Maybe in ten years from now they’ll make a movie about the world today.
Maybe they’ll make a movie about a father in Syria contemplating whether to kill himself, his wife or his children in a desperate attempt to stop the Regime from getting their hands on them.
Maybe they’ll make a movie about an 8 year old Rohingya boy who was thrown into the fire in front of his mother after his village was set alight.
Maybe they’ll make a movie about a young orphaned girl in C.A.R, crying as she remembers her sexual abuse at the hands of UN “peacekeepers” who do as they please without consequences.
Or maybe they’ll make a movie about a daughter in Gaza who picks up the phone to hear an unfamiliar voice letting her know her family has 60 seconds to run before the bombs drop.
And maybe we’ll see it and shed some tears - but we shouldn’t be crying because of the atrocities that occurred.
We should cry because we watched as these horrors unfolded and in our silence betrayed them.
Palestinian student Shorouq Dwayyat, 19, sentenced to 16 years in Israeli prison
In another example of the lengthy sentencing practices especially targeting Palestinian youth and women in Jerusalem, Shorouq Dwayyat was sentenced to 16 years in Israeli prison by a Jerusalem court on Sunday, 25 December. Dwayyat, 19, from the village of Sur Baher, was also fined 80,000 NIS (approximately $21,000.) She was shot by an Israeli settler and seized by occupation forces on 7 October 2015 in eastern Jerusalem and accused of attempting to stab an Israeli settler. Witnesses reported that she was harassed by the settler prior to the alleged incident.
Dwayyat is a student at Bethlehem University who was studying history and geography. She graduated from high school, achieving a result of 90% in the national secondary Tawjihi examinations in 2015.
Classes at the university were cancelled for two days after her shooting and arrest in October 2015.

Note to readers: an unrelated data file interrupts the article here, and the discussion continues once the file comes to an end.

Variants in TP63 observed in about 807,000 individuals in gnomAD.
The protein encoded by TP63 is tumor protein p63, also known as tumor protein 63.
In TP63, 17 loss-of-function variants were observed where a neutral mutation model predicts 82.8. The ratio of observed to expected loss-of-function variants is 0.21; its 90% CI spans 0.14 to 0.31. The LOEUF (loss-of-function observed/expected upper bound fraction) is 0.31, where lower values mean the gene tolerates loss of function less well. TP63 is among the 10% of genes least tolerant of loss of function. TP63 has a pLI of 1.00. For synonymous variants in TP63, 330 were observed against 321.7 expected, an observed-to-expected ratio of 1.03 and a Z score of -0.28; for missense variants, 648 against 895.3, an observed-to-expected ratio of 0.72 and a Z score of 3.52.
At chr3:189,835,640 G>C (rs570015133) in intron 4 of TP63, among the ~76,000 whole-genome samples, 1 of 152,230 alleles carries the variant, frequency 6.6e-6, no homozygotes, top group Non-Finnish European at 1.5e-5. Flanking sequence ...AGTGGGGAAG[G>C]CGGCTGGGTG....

Dwayyat was severely injured by the four bullets lodged within her body, unlike the Israeli man she was accused of attempting to stab, who suffered no serious injuries. Following the court’s ruling, the Israeli Interior Ministry stripped the imprisoned Dwayyat of her Jerusalem residency, claiming “breach of trust,” using the case as a mechanism to further the Israeli state policy of attacking Palestinian existence in Jerusalem. Amjad Abu Assab of the Prisoners’ Committee in Jerusalem said that “this is a racist policy…with the aim of killing the spirit of challenge by Jerusalemites and preventing any manifestation of rejection of occupation in the occupied city of Jerusalem.”
She is one of 52 Palestinian women – including 12 minor girls – imprisoned in HaSharon and Damon Israeli prisons and now is serving one of the longest sentences. The longest-held Palestinian woman prisoner, Lena Jarbouni, is serving a 17-year sentence in Israeli prison. The recent trend of particularly elevated sentences include those against Maysoon Musa (15 years), Nurhan Awad (13.5 years) and Israa Jaabis (11 years).
Palestinian refugee Rajab al-Toom, 127-year-old, holds the key of his house from which he fled during the 1948 war known by Palestinians at the “Nakba” which means in Arabic “catastrophe” in reference to the birth of the state of Israel 67-years-ago in British-mandate
Palestine, which drove Palestinians out of their homes. When Rajab
Mohamed al-Toom was forced to leave his home in Beer Sheva city in 1948
at the age of 60, he thought he would return in just days or weeks. Today, 67 years later, al-Toom, now 127, is still stuck in Jabalya, a refugee camp in northern Gaza. By Wissam Nassar .
Note: Rajab Al-Tom died this year at the age of 128. Allah yerhamo
Why is it that when an Israeli soldier is killed by Palestinians, it’s a “terrorist attack”, but when Palestinian children, babies are bombed in their cribs, it’s “Israel defending itself”?
If you consider yourself to be an intelligent, fair person, you’ll think about it.
A Palestinian boy sleeps on a mattress inside the remains of his family’s house. ‘A sand storm approached the Gaza Strip, and the first thing that came to my mind was the people living in the remains of the houses that were destroyed by Israeli shelling during the 50-day war in 2014. The densely-populated Shejaiya neighbourhood was almost empty, like a ghost town. The picture of the boy asleep there shows how difficult life is for these people. No one can imagine a boy could sleep in these conditions. But it’s normal for the children now.’